She made more history in Beijing by becoming the first athlete to carry her country’s flag at the opening ceremonies of both the Olympics and Paralympics.
At the Beijing Paralympic Games that followed, Du Toit won all five events she entered – the 100m butterfly, 200m individual medley, 50m freestyle, 100m freestyle, and 400m freestyle.
She was also awarded the Whang Youn Dai Achievement Award, which is presented at every Paralympic Games to one male and one female who best exemplifies the spirit of the Games and inspires and excites the world.
Du Toit’s selection for the award spoke volumes about the inspirational role she had taken on, not just for disabled people, but for able-bodied people also, throughout the world.
In 2009, she was accorded the highest honour her country could award her with when she received the Order of Ikhamanga in Gold “for her exceptional achievements in swimming.”
In March 2010, she became the second South African after Ernst van Dyk to be named the Laureus World Sportsperson of the Year with a Disability.
“It’s people like Natalie that provide the incentive for the youngsters to aspire to greatness”, said South African Sports Confederation and Olympic Committee president Gideon Sam. “She fully deserves this acknowledgement.”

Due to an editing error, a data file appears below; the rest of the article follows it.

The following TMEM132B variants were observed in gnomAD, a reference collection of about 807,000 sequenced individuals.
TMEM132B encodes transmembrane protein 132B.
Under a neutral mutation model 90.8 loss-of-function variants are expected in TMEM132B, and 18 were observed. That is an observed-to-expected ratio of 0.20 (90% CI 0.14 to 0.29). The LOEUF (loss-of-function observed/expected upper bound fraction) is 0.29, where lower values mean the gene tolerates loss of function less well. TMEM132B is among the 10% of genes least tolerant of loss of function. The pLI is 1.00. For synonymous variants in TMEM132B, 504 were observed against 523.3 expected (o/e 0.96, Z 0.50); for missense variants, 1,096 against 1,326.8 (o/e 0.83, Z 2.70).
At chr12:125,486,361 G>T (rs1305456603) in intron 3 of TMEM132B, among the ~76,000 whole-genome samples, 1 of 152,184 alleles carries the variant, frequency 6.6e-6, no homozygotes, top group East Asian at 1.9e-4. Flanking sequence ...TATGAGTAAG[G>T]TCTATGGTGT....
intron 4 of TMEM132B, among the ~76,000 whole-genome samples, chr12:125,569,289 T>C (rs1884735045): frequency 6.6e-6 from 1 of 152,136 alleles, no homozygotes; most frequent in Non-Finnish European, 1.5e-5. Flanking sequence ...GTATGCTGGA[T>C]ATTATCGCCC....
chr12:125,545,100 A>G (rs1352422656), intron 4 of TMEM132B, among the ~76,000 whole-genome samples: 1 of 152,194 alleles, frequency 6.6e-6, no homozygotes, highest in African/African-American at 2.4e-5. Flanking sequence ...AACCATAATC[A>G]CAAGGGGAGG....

Later that year, she was the most outstanding athlete in the International Paralympic Committee’s Swimming World Championships in Eindhoven, The Netherlands. She won six gold medals, one silver and one bronze medal. Only three countries bettered her personal haul of six gold medals in women’s events.
To put an exclamation point on her excellence, she ended on a high by dominating the five-kilometre open water swim, finishing six minutes and 26 seconds ahead of the second placed Elodie Lorandi of France.
Not only did she finish first among the swimmers in classes S1 to S10, she also bettered the best time swum by a man in the event: one hour, one minute and 13 seconds, which was posted by Australia’s Brendan Hall!
‘I gave everything’
The 2012 London Paralympics were Du Toit’s swansong. She admitted she was not at her best, but she remained classy throughout despite taking on a big programme of seven events.
Even then, she emerged as the most successful South African athlete of the Games, winning gold medals in the 400m freestyle, 100m butterfly and 200m individual medley. She also added a silver medal in her last race, the 100m freestyle.
After that last event, she told reporters: “I look back and realise I gave everything in the pool and gave everything as a person. It’s time to move on. I’ve no idea what’s next.”